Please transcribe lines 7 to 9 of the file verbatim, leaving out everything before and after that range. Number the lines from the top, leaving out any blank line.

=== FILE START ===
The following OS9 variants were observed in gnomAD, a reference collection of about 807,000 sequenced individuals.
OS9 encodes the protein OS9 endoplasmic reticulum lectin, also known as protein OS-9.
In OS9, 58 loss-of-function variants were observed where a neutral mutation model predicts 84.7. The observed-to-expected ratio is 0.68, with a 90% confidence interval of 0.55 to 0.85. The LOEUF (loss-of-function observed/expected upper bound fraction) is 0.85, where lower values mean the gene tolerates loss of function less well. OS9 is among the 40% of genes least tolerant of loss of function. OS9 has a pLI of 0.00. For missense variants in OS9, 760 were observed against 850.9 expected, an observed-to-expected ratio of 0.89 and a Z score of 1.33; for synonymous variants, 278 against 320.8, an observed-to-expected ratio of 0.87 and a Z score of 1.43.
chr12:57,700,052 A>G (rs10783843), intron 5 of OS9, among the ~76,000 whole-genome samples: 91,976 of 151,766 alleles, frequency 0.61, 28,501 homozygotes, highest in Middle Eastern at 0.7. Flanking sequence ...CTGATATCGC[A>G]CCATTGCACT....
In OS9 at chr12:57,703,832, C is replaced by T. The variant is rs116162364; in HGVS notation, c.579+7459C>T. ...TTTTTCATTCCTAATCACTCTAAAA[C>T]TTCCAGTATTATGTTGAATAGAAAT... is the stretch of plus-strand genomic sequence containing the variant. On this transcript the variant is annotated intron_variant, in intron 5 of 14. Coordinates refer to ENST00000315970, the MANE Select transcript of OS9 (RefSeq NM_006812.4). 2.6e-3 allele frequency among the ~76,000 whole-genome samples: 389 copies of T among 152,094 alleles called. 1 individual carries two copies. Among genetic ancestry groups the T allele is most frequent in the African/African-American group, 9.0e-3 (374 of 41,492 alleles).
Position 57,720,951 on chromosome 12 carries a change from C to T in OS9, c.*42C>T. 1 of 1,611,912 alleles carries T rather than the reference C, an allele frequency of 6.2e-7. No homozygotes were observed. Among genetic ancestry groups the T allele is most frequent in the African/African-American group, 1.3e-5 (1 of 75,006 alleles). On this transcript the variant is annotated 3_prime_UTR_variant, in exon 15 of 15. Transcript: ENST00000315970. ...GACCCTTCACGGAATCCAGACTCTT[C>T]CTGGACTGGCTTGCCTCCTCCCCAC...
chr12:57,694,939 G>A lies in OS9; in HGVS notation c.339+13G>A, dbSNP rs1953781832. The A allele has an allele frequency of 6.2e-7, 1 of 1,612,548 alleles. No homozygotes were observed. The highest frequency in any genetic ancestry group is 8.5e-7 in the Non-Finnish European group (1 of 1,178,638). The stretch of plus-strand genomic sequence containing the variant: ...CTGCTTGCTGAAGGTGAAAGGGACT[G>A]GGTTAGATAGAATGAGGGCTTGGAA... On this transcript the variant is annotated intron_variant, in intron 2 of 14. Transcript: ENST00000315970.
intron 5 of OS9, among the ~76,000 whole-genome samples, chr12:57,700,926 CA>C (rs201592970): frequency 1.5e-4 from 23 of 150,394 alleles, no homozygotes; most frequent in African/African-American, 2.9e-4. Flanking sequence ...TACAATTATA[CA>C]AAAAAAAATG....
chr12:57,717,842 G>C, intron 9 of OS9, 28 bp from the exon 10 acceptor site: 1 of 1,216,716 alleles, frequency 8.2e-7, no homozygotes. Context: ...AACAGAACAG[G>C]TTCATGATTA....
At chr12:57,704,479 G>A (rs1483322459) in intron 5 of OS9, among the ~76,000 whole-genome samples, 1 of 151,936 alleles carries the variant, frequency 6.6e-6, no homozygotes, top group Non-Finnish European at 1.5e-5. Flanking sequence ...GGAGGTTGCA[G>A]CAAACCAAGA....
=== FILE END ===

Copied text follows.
chr12:57,694,939 G>A lies in OS9; in HGVS notation c.339+13G>A, dbSNP rs1953781832. The A allele has an allele frequency of 6.2e-7, 1 of 1,612,548 alleles. No homozygotes were observed. The highest frequency in any genetic ancestry group is 8.5e-7 in the Non-Finnish European group (1 of 1,178,638). The stretch of plus-strand genomic sequence containing the variant: ...CTGCTTGCTGAAGGTGAAAGGGACT[G>A]GGTTAGATAGAATGAGGGCTTGGAA... On this transcript the variant is annotated intron_variant, in intron 2 of 14. Transcript: ENST00000315970.
intron 5 of OS9, among the ~76,000 whole-genome samples, chr12:57,700,926 CA>C (rs201592970): frequency 1.5e-4 from 23 of 150,394 alleles, no homozygotes; most frequent in African/African-American, 2.9e-4. Flanking sequence ...TACAATTATA[CA>C]AAAAAAAATG....
chr12:57,717,842 G>C, intron 9 of OS9, 28 bp from the exon 10 acceptor site: 1 of 1,216,716 alleles, frequency 8.2e-7, no homozygotes. Context: ...AACAGAACAG[G>C]TTCATGATTA....